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How did the idea for the International Paste-Up and Sticker Festival come about?

Vez: I had this idea since I moved here, I wanted to put more paste-ups around Christchurch, to bring in more international artists and turn it into an event. I had that dream when I first got here two years ago…

teeth like screwdrivers: I’ve actually got a page on my website that’s about doing the same thing. Originally, I wanted to cover one of the giant cans and make it a festival. But one night we were at Fiksate and we were having a few drinks…

V: And doing karaoke…

tls: Someone said something to us, I won’t say what they said, but someone said something to both of us and we were like, well, that seals it! It was an instant decision, right there, let’s do this…

You two hadn’t talked about it together, even though you both had the same idea?

tls: No, but we had both seen other shows around the world and put our own work into other shows around the world, and we knew Christchurch could deal with a show like this.

A paste-up festival is a great fit, firstly because of the amazing community around the Slap City scene, but also it is a perfect form to involve an even wider community, paste-up and sticker culture seems to be about networks and collaborations…

tls: Completely, especially if you put it under the heading of street art, if you look at other types of street art, they are based around not doing that, like graffiti is based around not collaborating.

Cape of Storms: Yeah, it’s more anonymous…

tls: And it is also about going over someone else, being higher or being louder…

It also requires a literal presence; you have to physically be in the place where you’re writing…

tls: Years and years ago, we used Flickr and maybe occasionally we would get contacts through that, but with Instagram the ability to connect with people anywhere in the world and instantly trade with them is part of why I like it, because it’s a positive thing all the time. There’s no negativity.

V: What I also like about paper-based art is it’s really inclusive. With graffiti, not everybody has got the skill to do it, including myself, but with paper-based art you can just collage or you can take things out of magazines or you can draw, or you can work digitally, there are loads of different ways you can produce work, so everybody can contribute if they want to…

CoS: I feel like with paper-based art, its more towards the art side, rather than the tagging thing, so people who don’t feel comfortable with that element of street art, it’s still something where you can have integrity about where you place your art. It’s transient. It’s not going to be there forever. It’s going to dissolve with rain and water or a little bit of elbow grease, but it still has the same effect…

tls: We’ve all kind of come to an agreement, whether consciously or subconsciously, that we’re not sticking it on people’s houses or businesses, you know? Personally speaking, I’m an older dude, I’ve got three kids of my own and if they see my art on the street, I don’t want them to go, why have you stuck your art on that?

A Cape of Storms paste-up in central Christchurch

But at the same time, you don’t want them to not know that you are doing it, right?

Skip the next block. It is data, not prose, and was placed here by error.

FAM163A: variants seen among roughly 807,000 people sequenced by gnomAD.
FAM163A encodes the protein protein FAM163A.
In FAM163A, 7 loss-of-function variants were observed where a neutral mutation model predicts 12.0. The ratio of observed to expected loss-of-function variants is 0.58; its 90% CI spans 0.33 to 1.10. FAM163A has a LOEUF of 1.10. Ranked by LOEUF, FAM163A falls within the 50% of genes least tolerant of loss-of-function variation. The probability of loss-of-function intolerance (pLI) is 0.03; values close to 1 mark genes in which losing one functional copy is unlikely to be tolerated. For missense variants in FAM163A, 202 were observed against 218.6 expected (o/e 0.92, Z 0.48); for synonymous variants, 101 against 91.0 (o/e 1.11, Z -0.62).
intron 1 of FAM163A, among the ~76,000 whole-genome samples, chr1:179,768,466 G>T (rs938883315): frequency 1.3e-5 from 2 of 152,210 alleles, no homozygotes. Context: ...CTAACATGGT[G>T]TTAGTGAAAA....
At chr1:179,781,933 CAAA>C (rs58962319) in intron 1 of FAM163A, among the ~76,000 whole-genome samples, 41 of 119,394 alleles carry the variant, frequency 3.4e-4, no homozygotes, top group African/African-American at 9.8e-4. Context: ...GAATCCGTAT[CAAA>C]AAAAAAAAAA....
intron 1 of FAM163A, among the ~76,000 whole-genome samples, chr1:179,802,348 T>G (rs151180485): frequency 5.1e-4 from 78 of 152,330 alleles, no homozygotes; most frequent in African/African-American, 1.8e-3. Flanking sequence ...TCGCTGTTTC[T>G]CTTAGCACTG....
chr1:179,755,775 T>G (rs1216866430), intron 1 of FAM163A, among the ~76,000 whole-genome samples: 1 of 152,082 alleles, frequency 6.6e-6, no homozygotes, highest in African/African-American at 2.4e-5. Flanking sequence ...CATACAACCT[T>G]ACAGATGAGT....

tls: Exactly. They always see my pencils and they always comment on them, but they’re not seeing them on people’s houses, they’re seeing them on derelict buildings, or council electrical boxes, because they are boring and they need paint or stickers or something! I’m probably speaking for you guys, but we kind of had a subconscious agreement that we’re not destroying shit, we’re adding to it.

CoS: It is financially accessible as well, it’s not as expensive as buying loads of spray cans.

tls: It might be low impact physically, but not in the messages…

Not visually or conceptually…

tls: I will argue that any one of us who is putting up 1000 pictures of whatever it is we are putting up is going to have an equal impact to anyone tagging…

There’s also the really interesting longer lineage; revolutionary posters, political posters, advertising, sloganeering…

tls: Yeah, I found a picture other day, it was in Paris, an advertising hoarding and it looks like what we’re doing, but it’s a hundred and something years old! It looks exactly the same as what we do…

The Victorian Street in the Canterbury Museum has a fence that is covered in pasted posters…

tls: Because wheat paste was cheap and easy, posters got your message across for free essentially!

CoS: Graffiti writing is beautiful in its own way, but this is maybe a little bit more accessible to people that aren’t so into graffiti necessarily. It’s got a sense of humour, like Vez’s spoons are there to bring joy to people, to make them think, this is so out of place, let’s not be so serious about life! Christchurch can be quite a dull and flat and miserable place…

tls: No! I can’t believe you said that!

CoS: But it’s the people and the sense of humour and the unexpected juxtaposition, that’s why we do it, we can put something funny out there…

Two of Vez’s iconic spoon paste-ups

It’s a lovely juxtaposition, from the seriousness of signs and the coercion of advertising…

tls: And tilt slabs! That is why it doesn’t feel so quite so awkward. We’re not fighting that, we are just putting stickers and paste-ups up on streets covered in stickers and paste-ups, they’re just from McDonald’s or Coke. I’m not political in that sense, it doesn’t justify what I’m doing, but it just makes me go, I’m OK with this because I’m surrounded any way, we’re just adding our own take to what’s already there.

We did a massive sticker and paste-up installation at Spectrum in 2014. At that time, the local paste-up scene definitely didn’t have the numbers it has now. We had artists contributing from quite faraway places, but Slap City has such a larger network, I’m really looking forward to the breadth of work. Where has work come from and which artists are you most excited for people to see?

V: I’ve written a list… There is work from the UK, USA, France, Germany, Austria, Russia, Spain, Finland, Slovakia, Australia, Canada…